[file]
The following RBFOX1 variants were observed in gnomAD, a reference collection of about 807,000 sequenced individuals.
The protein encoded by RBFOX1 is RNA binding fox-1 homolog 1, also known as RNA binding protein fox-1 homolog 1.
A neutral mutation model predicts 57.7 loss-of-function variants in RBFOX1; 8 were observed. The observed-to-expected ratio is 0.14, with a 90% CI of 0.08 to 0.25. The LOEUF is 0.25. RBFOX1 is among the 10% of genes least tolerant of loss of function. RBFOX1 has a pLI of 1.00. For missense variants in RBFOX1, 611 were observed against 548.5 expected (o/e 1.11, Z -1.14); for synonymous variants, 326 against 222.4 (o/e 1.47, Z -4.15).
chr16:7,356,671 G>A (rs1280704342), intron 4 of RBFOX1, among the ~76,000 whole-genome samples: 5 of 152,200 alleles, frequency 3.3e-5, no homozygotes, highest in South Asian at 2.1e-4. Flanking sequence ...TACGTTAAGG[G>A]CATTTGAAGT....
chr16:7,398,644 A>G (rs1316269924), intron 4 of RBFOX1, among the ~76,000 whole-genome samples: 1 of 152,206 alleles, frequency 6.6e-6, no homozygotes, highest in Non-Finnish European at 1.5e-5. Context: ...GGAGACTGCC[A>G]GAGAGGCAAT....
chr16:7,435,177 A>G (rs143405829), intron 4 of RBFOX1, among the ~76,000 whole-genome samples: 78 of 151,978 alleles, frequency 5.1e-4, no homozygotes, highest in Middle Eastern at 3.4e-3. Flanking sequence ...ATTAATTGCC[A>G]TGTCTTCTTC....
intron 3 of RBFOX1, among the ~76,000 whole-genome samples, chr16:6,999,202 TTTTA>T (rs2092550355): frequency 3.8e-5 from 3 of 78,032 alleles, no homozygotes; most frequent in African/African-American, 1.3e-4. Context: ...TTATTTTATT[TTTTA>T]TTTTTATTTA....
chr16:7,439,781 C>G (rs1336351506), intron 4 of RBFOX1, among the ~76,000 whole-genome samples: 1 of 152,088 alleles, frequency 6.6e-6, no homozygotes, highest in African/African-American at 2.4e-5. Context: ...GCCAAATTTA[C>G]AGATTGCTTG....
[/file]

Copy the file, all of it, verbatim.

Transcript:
The following RBFOX1 variants were observed in gnomAD, a reference collection of about 807,000 sequenced individuals.
The protein encoded by RBFOX1 is RNA binding fox-1 homolog 1, also known as RNA binding protein fox-1 homolog 1.
A neutral mutation model predicts 57.7 loss-of-function variants in RBFOX1; 8 were observed. The observed-to-expected ratio is 0.14, with a 90% CI of 0.08 to 0.25. The LOEUF is 0.25. RBFOX1 is among the 10% of genes least tolerant of loss of function. RBFOX1 has a pLI of 1.00. For missense variants in RBFOX1, 611 were observed against 548.5 expected (o/e 1.11, Z -1.14); for synonymous variants, 326 against 222.4 (o/e 1.47, Z -4.15).
chr16:7,356,671 G>A (rs1280704342), intron 4 of RBFOX1, among the ~76,000 whole-genome samples: 5 of 152,200 alleles, frequency 3.3e-5, no homozygotes, highest in South Asian at 2.1e-4. Flanking sequence ...TACGTTAAGG[G>A]CATTTGAAGT....
chr16:7,398,644 A>G (rs1316269924), intron 4 of RBFOX1, among the ~76,000 whole-genome samples: 1 of 152,206 alleles, frequency 6.6e-6, no homozygotes, highest in Non-Finnish European at 1.5e-5. Context: ...GGAGACTGCC[A>G]GAGAGGCAAT....
chr16:7,435,177 A>G (rs143405829), intron 4 of RBFOX1, among the ~76,000 whole-genome samples: 78 of 151,978 alleles, frequency 5.1e-4, no homozygotes, highest in Middle Eastern at 3.4e-3. Flanking sequence ...ATTAATTGCC[A>G]TGTCTTCTTC....
intron 3 of RBFOX1, among the ~76,000 whole-genome samples, chr16:6,999,202 TTTTA>T (rs2092550355): frequency 3.8e-5 from 3 of 78,032 alleles, no homozygotes; most frequent in African/African-American, 1.3e-4. Context: ...TTATTTTATT[TTTTA>T]TTTTTATTTA....
chr16:7,439,781 C>G (rs1336351506), intron 4 of RBFOX1, among the ~76,000 whole-genome samples: 1 of 152,088 alleles, frequency 6.6e-6, no homozygotes, highest in African/African-American at 2.4e-5. Context: ...GCCAAATTTA[C>G]AGATTGCTTG....